- Captain Albert's Blog -

Stories from the Sea, Past and Present

7 Feb. 2020; Grand Turk Island.

If there is a sustained wind, then eventually the waves will pick up, and during the night we felt the occasional bump in the road. But as the Captain had kept up the speed during the day when the seas were still smooth, by the time the “potholes” in the sea started to arrive, the Veendam had slowed enough to still provide a gentle ride. Although the weather forecast had promised a windy day, it was a lot windier than forecast. The sort of winds that gives captains grey hair, or as in my case, make them go bald.

Apart from the wind, there was the extra challenge that the dock is an artificial harbor where a sort of Bath Tub has been carved out of the shallow rocky bottom with a long and straight pier in the middle. It looks very nice on a drawing or a picture but it does not give the ships much leeway in drifting when approaching the dock. With other words, it just fits on a nice day and it just has to fit on a windy day. We were also assigned the North side of the dock, which is even tighter than the South side. That side was reserved for the Carnival Magic which is a lot longer than the Veendam and gets on the south side a few more inches of docking space.

The approach to the dock. The ship came from the north and then turned to line up for the dock. During that initial approach the Navigation team tries to get a feeling about how the wind and current is affecting the ship.

So what do you do if you think the wind is at the critical level when having to turn into a space that is not made for that? Answer is you test your capabilities before going in. So this morning when the Veendam had lined up with the dock on the approach course of 127o, the captain simply stopped the ship to see what would happen, and if the thrusters and propellers could counteract the drift caused by the wind.  They could, with even some margin of power left and thus a safe approach could be made. For this afternoon it will be less of a challenge as the Carnival Glory will act as a nice wind breaker while the Veendam backs out of the “bathtub”.   And as soon as the ship clears the end of the pier, the “blow away” maneuver can be applied as the wind will push the ship to deep water.

This is the moment see the red circle and red line to red line to the top left, where the captain stopped the ship to see what the wind was doing and if the thrusters and engines could hold out against it. From that moment on it was just a matter to move forward and slide in.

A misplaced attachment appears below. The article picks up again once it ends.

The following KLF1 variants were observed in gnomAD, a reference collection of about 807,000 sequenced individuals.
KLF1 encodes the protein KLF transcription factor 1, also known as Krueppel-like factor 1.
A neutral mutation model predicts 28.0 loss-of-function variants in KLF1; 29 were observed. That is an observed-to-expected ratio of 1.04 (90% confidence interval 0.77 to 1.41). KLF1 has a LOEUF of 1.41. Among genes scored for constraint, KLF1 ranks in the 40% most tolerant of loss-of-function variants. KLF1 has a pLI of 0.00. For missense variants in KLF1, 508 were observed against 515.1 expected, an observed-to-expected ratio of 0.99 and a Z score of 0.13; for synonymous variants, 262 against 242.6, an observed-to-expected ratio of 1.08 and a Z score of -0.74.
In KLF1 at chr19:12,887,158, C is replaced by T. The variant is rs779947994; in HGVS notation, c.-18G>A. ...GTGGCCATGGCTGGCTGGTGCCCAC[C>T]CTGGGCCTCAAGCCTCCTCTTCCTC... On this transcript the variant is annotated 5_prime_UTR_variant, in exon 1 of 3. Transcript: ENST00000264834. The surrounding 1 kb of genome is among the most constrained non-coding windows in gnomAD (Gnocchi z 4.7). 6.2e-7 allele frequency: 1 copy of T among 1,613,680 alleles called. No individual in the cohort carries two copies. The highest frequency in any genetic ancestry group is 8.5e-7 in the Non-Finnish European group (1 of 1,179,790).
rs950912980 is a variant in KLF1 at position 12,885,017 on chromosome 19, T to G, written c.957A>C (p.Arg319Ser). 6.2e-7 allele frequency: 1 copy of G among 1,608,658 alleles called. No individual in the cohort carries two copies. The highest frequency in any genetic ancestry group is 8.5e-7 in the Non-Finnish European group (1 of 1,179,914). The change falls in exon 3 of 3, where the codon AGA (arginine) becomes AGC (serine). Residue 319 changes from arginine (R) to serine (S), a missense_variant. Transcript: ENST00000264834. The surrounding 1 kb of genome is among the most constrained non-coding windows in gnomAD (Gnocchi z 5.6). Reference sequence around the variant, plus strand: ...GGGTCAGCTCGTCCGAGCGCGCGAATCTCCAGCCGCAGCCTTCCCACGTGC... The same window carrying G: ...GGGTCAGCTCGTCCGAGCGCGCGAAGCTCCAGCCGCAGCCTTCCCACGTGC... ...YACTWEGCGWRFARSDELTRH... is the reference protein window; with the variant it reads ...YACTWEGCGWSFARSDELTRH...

Thus today there were two ships in. There is the option for a 3rd ship to anchor but that was not really an option today. The ship at anchor or on the engines, could have stayed in position but it would not have been possible to tender ashore as the sea was nicely rolling along the pier with an amplitude of about 2 feet. And that is not good for exiting or boarding the tender. There was no ship at the anchorage today so either a very wise captain had cancelled early, or no ship had been scheduled at all.

Because Grand Turk is a man made port, we dock with the nose almost into the resort. And that gave the peculiar situation that the guests could sit on the beach in the sunshine but out of the wind as the two ships provided a perfect wind breaker. I do not know if the guests realized exactly what was going on, but through out the day we saw guests arriving on the beach, picking a location to sit and then slowly moving further down the beach until they were nicely in the lee of the Veendam. I do not think that the designers thought about that when they created the lay-out of the port but with southerly or South Easterly wind it just works fine. With North or North easterly winds the island itself offers protection, it is only with Westerly and North Westerly wind that the area is not sheltered. These winds are only blowing when there is a cold front in the area or a hurricane and in those situations we do not call at Grand Turk Island anyway.  Ships are meant to be at sea, not to be a hotel on the beach.

The beach of Grand Turk. Quite a few guests moved further to the left to be more in the shelter. There is a 2nd pool area inside the resort but most guests want the real beach experience.

The Carnival Magic is a near-mega liner with 3600 guests on board and she has also been constructed with the lifeboats (partly) hanging outside.  Once the guests have boarded they only have to move away from the embarkation deck and they can go down to the water. This is partly done to create more space onboard but also partly to speed up the lowering and boarding process in case of an emergency. Regardless of size, each lifeboat shall be filled and lowered within 30 minutes from the moment the Captain gives the abandon ship order and having lifeboats already halfway in position does help. In a real emergency the 30 minutes would only come into play if the ship was not be able to foresee the emergency. Otherwise everybody on board would have already been lined up and in the lifeboats before the critical moment arrived.

This is the latest in lifeboat design. Lifeboats permanently hanging at embarkation level so they do not have to be lowered first before the guests can enter.

Grand Turk to San Juan is the only tight schedule we have on our cruise and thus the ship will go full speed to make it on time. Apart from the distance we have an hour forward and we have the wind against us, thus it is time to go all out on the engines, in order to make the noon time pilot at San Juan.

It is going to be a warm day tomorrow, 29oC / 85oF and if the weather forecast is going to be right, it is just going to breeze up some more when we arrival at the pilot station.


  1. hmm, Grand Turk in Chile??

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